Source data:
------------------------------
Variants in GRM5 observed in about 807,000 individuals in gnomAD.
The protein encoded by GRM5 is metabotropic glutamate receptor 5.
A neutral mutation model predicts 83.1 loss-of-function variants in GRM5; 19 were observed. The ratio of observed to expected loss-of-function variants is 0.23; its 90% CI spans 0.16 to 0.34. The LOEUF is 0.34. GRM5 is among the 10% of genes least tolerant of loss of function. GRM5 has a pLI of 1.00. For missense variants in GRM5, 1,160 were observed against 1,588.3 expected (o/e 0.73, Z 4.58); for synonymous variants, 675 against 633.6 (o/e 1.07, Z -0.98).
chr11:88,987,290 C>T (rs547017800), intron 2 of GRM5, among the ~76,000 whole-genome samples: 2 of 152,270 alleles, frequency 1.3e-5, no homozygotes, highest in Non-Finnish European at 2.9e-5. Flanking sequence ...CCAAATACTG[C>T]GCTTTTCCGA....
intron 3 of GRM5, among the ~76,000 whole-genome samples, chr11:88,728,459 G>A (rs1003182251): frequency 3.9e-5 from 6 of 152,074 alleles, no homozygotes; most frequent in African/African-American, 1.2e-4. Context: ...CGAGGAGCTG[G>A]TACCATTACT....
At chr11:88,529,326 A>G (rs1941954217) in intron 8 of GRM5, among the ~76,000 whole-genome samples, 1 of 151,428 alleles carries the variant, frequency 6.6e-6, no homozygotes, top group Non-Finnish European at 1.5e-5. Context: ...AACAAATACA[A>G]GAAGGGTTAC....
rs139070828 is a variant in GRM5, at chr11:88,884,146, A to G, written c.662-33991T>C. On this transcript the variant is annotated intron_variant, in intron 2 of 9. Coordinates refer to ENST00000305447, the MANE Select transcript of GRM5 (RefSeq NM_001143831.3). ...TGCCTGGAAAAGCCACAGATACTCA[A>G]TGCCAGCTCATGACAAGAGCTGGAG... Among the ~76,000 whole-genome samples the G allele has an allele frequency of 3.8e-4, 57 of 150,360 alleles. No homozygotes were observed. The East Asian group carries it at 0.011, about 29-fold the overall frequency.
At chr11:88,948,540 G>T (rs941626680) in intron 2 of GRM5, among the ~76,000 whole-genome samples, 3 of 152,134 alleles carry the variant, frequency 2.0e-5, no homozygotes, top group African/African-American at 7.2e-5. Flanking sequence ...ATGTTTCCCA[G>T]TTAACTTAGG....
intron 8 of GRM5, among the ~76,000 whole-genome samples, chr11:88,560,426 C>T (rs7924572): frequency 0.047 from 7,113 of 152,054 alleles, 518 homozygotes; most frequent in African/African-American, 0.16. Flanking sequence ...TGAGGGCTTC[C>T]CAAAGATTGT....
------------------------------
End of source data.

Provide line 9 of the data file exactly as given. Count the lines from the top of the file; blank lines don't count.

intron 8 of GRM5, among the ~76,000 whole-genome samples, chr11:88,560,426 C>T (rs7924572): frequency 0.047 from 7,113 of 152,054 alleles, 518 homozygotes; most frequent in African/African-American, 0.16. Flanking sequence ...TGAGGGCTTC[C>T]CAAAGATTGT....